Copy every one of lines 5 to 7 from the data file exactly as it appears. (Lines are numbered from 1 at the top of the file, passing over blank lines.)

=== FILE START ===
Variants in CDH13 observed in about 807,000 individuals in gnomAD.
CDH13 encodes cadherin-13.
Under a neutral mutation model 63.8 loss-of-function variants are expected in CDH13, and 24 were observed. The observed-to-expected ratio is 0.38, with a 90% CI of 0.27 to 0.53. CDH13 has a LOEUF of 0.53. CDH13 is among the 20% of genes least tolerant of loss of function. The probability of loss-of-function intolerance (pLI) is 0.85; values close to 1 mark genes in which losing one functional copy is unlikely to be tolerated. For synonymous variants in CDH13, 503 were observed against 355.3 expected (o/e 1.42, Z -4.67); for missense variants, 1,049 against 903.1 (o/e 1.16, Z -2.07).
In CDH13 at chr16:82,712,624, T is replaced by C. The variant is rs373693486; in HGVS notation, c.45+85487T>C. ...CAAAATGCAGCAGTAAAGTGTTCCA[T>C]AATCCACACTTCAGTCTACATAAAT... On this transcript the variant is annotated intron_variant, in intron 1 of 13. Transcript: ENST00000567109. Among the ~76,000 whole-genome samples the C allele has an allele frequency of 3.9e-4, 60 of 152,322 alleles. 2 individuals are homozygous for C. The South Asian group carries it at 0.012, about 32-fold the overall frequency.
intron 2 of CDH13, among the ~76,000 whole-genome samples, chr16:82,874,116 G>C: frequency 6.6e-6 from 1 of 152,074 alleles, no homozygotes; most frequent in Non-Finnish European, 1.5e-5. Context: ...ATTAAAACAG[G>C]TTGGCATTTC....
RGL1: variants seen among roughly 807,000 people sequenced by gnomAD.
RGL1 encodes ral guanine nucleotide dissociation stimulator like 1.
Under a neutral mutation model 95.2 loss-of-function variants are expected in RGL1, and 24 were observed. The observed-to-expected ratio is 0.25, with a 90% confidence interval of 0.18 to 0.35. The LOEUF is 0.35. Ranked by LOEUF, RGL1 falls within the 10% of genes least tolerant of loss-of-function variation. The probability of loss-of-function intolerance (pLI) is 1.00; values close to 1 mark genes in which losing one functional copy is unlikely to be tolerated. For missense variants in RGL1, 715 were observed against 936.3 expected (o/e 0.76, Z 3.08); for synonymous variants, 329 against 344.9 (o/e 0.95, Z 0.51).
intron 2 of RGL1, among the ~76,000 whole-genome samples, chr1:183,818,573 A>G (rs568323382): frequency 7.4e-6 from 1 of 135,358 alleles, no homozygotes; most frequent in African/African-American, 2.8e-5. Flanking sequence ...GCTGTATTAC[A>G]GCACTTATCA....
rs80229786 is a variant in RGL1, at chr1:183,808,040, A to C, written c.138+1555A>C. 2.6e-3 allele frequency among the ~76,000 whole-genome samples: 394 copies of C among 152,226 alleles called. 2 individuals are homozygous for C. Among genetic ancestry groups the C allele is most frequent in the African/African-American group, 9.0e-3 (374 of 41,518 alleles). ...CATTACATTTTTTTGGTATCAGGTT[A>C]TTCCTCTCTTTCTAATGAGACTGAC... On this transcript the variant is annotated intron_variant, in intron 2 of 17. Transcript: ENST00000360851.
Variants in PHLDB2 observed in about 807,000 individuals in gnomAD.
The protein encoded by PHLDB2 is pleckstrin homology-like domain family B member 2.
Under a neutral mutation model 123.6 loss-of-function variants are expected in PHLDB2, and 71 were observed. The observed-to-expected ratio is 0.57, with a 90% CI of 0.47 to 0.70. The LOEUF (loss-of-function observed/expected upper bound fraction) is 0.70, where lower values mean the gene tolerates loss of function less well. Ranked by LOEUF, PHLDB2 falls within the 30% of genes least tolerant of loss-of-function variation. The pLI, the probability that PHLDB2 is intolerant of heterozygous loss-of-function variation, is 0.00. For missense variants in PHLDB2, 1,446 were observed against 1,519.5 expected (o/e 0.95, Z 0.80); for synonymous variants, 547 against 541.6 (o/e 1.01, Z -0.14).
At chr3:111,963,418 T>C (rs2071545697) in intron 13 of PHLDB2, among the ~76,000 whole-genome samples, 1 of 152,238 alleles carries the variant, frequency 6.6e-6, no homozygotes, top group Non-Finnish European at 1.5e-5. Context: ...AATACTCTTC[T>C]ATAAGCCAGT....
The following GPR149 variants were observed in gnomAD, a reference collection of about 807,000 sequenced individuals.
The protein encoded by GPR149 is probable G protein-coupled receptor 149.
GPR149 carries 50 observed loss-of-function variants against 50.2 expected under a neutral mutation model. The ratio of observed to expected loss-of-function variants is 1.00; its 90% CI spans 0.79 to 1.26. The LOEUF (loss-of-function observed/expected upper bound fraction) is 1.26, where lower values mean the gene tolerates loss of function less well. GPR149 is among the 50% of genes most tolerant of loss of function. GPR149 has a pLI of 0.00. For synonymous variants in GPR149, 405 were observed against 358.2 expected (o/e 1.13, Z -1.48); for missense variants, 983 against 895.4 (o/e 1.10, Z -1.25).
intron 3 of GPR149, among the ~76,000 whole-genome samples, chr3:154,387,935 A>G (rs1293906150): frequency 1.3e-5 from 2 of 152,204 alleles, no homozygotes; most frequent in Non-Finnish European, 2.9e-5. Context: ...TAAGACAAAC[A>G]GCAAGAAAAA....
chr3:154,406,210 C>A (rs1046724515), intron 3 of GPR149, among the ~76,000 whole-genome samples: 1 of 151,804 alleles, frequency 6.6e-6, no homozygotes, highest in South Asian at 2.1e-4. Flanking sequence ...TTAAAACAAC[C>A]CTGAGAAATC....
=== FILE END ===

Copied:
intron 2 of CDH13, among the ~76,000 whole-genome samples, chr16:82,874,116 G>C: frequency 6.6e-6 from 1 of 152,074 alleles, no homozygotes; most frequent in Non-Finnish European, 1.5e-5. Context: ...ATTAAAACAG[G>C]TTGGCATTTC....
RGL1: variants seen among roughly 807,000 people sequenced by gnomAD.
RGL1 encodes ral guanine nucleotide dissociation stimulator like 1.